Judging a Game by Its Cover: the Development of a Fairer Framework for Analysing Gender in Video Games




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De Montfort University


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Peer reviewed


In recent years, society has gained a newfound acknowledgement of understanding gender as a multifaceted spectrum (Monro, 2019; Hopkins and Richardson, 2021), requiring universal acceptance and support from both individuals and industry. Companies now have a duty to re-evaluate their products and outputs to accommodate this deeper level, as opposed to catering to the binary approach to gender that has been prevalent for many years. The video game sector is no exception. Realistic graphics and immersive storylines mean that the inclusion of diverse personas is vital in ensuring that video games are accessible to everyone (Jin, 2012). A mirror of society, games have the power to influence players and aid identification with repeated representations of characters and depictions of cultural norms (McQuail, 2010, p.82). However, although video game companies are attempting to keep up with changes in the interpretation of gender identity (Ruberg, 2018; Thach, 2021), the method used to analyse these non-normative characters has neither been adapted nor re-evaluated in research.

There are two aims of this research that share importance here. The initial aim is to demonstrate that the traditional gender-based content analysis method is no longer suitable for modern-day analysis of character representation in video games. To achieve this, the content analysis has been replicated and evaluated to identify the shortcomings that occur when analysing characters in this way. The further aim is to suggest and develop an alternative approach that is more appropriate for the changing nature of gender identity concepts. A framework is presented that utilises a game-by-game character-by-character qualitative method where diverse perspectives are not only accepted but also serve to strengthen and enrich results.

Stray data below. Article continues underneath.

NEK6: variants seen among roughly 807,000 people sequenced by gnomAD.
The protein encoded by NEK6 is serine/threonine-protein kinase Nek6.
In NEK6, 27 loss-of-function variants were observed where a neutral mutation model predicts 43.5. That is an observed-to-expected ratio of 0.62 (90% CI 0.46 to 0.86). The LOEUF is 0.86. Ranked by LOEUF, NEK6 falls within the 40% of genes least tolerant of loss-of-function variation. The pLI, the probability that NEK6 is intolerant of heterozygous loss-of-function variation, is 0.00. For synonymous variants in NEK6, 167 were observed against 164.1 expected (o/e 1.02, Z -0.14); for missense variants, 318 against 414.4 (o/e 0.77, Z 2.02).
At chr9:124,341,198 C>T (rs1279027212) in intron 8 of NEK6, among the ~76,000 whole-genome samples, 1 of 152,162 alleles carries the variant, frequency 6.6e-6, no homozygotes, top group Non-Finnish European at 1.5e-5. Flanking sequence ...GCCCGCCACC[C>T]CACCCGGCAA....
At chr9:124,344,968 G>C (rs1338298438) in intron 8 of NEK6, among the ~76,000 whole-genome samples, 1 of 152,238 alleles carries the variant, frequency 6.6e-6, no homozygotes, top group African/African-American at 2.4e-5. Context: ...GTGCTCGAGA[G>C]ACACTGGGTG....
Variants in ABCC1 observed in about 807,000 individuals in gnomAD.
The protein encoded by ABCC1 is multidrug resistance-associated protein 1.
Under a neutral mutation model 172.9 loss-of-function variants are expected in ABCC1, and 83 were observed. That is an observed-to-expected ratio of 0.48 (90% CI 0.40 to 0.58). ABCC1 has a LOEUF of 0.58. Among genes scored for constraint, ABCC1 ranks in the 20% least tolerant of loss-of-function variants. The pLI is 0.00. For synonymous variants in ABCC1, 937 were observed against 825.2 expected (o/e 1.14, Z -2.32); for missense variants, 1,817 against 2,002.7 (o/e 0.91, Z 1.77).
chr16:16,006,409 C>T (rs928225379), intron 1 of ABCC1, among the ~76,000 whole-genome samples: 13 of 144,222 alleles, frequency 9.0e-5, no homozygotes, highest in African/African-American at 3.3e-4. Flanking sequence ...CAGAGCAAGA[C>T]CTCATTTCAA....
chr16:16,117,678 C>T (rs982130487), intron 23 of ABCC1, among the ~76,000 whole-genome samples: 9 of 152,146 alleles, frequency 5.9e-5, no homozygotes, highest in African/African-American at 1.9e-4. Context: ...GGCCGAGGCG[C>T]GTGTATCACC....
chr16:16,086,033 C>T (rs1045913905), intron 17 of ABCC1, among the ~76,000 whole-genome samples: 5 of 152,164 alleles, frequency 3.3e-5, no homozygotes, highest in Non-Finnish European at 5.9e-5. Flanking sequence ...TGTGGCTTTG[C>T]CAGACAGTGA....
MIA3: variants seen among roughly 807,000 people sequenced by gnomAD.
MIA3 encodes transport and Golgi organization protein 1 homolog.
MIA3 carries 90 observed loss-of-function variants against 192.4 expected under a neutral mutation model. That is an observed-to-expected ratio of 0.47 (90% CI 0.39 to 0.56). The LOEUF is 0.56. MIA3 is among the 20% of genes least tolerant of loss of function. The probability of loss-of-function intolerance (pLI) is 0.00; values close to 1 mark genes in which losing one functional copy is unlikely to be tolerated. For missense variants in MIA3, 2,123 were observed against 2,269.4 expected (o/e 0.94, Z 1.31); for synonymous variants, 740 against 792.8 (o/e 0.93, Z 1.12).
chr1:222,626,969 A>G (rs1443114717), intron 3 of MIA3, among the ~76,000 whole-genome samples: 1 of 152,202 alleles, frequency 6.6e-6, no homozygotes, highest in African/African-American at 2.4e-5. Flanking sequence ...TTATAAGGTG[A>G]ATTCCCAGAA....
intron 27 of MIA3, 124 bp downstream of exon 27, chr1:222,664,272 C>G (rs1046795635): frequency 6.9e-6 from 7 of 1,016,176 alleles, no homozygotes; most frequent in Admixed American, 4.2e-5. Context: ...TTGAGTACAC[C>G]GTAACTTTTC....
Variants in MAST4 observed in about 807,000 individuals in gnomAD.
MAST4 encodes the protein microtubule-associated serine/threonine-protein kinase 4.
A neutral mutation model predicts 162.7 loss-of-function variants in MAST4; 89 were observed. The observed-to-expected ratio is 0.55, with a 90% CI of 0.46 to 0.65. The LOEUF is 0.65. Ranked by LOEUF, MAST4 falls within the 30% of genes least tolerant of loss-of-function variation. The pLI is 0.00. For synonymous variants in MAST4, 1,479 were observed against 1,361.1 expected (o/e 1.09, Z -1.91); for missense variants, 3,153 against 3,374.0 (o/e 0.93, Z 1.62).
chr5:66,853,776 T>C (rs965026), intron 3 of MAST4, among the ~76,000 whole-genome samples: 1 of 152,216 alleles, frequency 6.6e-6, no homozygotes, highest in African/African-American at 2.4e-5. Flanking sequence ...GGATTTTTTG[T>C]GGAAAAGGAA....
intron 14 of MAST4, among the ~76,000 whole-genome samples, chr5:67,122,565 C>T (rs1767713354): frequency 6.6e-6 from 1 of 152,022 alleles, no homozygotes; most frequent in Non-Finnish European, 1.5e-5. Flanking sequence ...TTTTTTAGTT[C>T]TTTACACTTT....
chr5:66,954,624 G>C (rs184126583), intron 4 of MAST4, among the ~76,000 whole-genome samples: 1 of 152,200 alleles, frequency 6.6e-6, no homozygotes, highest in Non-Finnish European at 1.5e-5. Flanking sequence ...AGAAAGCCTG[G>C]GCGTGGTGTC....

This thesis is the first to highlight a need to re-evaluate existing methods for their suitability instead of blind replication. It is also the first to develop and test a new approach that is fair and promotes understanding of those characters outside of the gender binary. The content analysis replication discovers that women are vastly underrepresented in all roles, but little sexualisation occurs in any character. Testing the framework indicates that more detailed responses provide worthy justification for ‘good’ or ‘bad’ representation and, thus, a better understanding of character agency. Finally, the framework itself emphasises that a less restrictive approach to character analysis enables researchers with multiple perspectives to collaborate, creating a more rounded, comprehensive, and enhanced understanding of gender in games.





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